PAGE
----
This 24-hour turn-around meant students had to focus on producing error-free programs.
MSc Course in Computing Science
The Postgraduate Diploma course developed into an MSc course in Computing Science. It was aimed at graduates in other disciplines.
At the start numbers were small, but in later years this course grew at a significant rate. The increase in numbers was because students and employers appreciated the benefits of combining computing skills with other subjects.
Research during this period focused on automatic typesetting and on medical literature information retrieval.
Two typesetting projects were done in collaboration with the Department of Photography. They were both under the direction of the late C.J. Duncan.
The first was funded by the Department of Scientific and Industrial Research. It used the Ferranti Pegasus.
The second, funded by the Ministry of Technology, used ALGOL 60 on the KDF9.
Information retrieval research
The information retrieval work was directed by Elizabeth Barraclough. Elizabeth was the Ferranti Pegasus computer operator in 1957, but later became Director of the Computing Service.
The research was carried out with the US National Library of Medicine. It resulted in the development of the MEDLARS and then the MEDUSA systems.
New IBM 360/67, Undergraduate courses and moving to Claremont (1967)
1967 was a major year in the development of Computing at Newcastle.
In preparation for the arrival of a new computer, an IBM 360 model 67 (360/67), the Laboratory moved into a new building. The new building was Claremont Tower, and the School is there to this day. Download the Claremont Tower 1968 brochure (PDF: 2 MB).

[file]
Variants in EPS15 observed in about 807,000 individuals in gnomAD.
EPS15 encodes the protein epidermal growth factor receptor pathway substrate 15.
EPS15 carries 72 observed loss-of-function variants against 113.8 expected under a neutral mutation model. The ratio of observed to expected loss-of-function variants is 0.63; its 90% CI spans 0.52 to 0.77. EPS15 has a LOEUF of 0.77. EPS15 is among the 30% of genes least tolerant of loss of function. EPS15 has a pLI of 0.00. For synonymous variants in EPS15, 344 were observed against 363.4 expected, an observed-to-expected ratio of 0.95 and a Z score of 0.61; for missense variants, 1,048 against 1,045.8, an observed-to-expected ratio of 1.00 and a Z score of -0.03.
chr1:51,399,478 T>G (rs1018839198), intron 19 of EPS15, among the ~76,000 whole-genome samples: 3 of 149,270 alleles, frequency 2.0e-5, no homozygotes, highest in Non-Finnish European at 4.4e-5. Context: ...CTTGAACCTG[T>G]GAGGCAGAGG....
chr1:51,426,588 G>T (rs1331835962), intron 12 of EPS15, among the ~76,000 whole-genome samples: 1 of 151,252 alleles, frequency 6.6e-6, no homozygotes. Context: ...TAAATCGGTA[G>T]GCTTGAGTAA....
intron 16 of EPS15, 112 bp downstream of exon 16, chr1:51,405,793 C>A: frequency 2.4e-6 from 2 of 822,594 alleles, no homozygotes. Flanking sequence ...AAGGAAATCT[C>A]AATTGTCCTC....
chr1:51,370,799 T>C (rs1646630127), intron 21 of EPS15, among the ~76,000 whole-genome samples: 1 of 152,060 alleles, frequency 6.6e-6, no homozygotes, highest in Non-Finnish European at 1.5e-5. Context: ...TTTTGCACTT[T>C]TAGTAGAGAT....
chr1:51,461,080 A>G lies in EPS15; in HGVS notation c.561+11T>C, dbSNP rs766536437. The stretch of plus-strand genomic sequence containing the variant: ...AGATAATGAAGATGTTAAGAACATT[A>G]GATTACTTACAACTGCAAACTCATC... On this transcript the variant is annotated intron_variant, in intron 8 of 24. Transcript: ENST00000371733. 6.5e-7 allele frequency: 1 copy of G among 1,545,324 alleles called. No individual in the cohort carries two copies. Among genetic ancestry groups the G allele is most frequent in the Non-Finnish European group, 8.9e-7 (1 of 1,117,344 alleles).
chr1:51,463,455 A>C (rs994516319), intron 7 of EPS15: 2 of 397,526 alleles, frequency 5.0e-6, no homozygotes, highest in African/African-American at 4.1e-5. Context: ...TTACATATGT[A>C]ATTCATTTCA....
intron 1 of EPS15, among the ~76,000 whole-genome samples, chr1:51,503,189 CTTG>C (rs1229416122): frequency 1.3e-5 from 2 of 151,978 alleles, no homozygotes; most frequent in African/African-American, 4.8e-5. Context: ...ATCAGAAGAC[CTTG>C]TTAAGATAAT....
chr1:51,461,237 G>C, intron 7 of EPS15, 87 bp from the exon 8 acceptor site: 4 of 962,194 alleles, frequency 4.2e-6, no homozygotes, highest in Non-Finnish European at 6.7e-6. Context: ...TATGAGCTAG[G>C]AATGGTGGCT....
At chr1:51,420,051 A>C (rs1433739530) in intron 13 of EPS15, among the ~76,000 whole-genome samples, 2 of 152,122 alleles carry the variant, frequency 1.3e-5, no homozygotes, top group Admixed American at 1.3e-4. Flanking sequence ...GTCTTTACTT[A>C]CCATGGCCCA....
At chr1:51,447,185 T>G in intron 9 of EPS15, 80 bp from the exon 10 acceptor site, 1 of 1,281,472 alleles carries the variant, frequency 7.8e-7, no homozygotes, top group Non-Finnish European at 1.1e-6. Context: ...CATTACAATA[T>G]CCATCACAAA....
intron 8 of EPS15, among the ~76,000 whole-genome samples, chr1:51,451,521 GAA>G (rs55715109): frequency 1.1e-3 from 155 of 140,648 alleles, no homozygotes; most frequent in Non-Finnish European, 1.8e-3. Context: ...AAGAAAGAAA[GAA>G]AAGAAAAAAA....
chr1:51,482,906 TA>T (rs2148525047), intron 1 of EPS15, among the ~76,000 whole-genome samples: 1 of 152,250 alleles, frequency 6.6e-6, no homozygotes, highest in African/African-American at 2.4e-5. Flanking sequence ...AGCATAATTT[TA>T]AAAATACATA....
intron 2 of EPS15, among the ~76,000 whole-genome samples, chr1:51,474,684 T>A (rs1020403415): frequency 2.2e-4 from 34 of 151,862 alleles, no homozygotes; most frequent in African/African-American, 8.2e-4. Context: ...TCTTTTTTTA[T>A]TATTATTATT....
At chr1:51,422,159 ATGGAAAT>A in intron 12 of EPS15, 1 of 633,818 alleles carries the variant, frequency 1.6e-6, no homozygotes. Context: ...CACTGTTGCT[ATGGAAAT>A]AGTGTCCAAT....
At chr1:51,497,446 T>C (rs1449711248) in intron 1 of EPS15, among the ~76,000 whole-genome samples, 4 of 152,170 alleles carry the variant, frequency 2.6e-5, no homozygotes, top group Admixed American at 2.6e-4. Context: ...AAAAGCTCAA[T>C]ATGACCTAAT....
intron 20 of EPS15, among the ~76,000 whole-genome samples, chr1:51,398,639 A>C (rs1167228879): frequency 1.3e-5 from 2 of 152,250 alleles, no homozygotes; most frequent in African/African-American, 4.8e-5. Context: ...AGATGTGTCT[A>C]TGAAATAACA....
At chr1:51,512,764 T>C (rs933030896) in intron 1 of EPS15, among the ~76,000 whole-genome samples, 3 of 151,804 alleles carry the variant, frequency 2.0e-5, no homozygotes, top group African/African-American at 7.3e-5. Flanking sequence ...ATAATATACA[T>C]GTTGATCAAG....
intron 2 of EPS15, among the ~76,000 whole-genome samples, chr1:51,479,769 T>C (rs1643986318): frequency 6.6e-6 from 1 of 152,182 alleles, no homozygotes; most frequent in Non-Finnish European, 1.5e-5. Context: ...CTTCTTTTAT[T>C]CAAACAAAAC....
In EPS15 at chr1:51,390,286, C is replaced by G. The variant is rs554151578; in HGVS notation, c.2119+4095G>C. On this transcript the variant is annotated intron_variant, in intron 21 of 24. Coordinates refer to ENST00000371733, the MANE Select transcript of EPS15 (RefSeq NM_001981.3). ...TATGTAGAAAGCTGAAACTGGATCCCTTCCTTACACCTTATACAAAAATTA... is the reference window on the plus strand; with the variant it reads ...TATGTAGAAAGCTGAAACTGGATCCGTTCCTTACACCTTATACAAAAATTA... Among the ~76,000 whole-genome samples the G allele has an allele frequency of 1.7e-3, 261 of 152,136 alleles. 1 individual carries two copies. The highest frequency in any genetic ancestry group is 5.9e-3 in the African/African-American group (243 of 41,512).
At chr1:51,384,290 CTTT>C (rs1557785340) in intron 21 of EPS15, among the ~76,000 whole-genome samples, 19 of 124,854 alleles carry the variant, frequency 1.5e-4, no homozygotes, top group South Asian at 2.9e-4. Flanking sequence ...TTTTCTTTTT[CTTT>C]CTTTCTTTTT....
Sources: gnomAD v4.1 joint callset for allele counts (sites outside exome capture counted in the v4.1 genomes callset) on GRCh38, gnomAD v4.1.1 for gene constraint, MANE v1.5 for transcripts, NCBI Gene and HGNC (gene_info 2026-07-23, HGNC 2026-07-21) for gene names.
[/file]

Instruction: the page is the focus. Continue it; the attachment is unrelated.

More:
The 360/67 was the first multiple-access computer outside North America. It displayed a new style of computing. Beside batch jobs running from decks of IBM punched cards, the 360/67 supported several remote access terminals. These terminals gave users an illusion of having the machine to themselves. This setup was an early precursor of today's PC environment.
1967 saw the introduction of the first undergraduate degree programme in Computing Science. Six students attended a short programming course at the end of the first year of their Mathematics degree. They then joined the Laboratory in the second year of the new BSc Honours Degree in Computing Science. They graduated in 1969 amongst the first graduates from any UK university.
Undergraduate programmes were followed in 1968 by the first of the Newcastle International Seminars on the Teaching of Computing Science. The series of seminars were sponsored at first by IBM, then Amdahl and then ICL. The ICL series ran for more than 30 years.
Michigan Terminal System (1969)
After some experimentation with proprietary time-sharing systems in 1969, the Laboratory adopted the Michigan Terminal System.